Plan of Casa Mata
|This article does not cite any references or sources. (December 2009)|
In May 1822, Congress proclaimed Iturbide as Emperor of Mexico. Commanding the country like he had commanded the army, he dissolved the Congress and ordered dissidents to be imprisoned.
Several insurrections arose in the provinces, that were choked by the army, except which it headed Antonio López de Santa Anna in Veracruz, because this military man had an agreement with the general Echávarri, who commanded the imperial forces that fought Santa Anna. By agreement of both heads the Plan de Casa Mata was proclaimed on February 1, 1823. This plan did not recognize the First Mexican Empire and requested the meeting of a new Constituent Congress. The insurrectionists sent their proposal to the provincial delegations and requested their adhesion to the plan. In the course of only six weeks the Plan de Casa Mata had arrived at remote places, like Texas, and almost all the provinces had been united to the plan.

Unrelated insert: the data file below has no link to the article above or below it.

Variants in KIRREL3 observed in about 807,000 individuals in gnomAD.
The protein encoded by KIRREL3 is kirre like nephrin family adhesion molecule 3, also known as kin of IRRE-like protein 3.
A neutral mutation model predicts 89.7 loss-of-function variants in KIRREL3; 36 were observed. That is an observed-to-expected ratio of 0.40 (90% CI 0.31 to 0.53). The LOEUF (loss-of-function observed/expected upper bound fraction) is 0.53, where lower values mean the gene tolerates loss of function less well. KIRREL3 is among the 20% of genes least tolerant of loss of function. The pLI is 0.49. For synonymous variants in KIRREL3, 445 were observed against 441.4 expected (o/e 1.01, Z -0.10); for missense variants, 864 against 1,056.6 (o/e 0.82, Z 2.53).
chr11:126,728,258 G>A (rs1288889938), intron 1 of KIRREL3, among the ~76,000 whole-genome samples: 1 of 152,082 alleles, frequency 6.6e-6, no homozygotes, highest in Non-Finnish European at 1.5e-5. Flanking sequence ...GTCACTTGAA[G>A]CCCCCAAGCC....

When a provincial delegation accepted the Plan de Casa Mata, it withdrew its obedience toward the imperial government and assumed a sovereign attitude within its province. Agustín de Iturbide was isolated without more support than Mexico City and some fractions of the army; consequently,he installed the dissolved constituent Congress again, abdicated the crown and fled the country in March 1823. The 1824 Constitution was adopted the following year.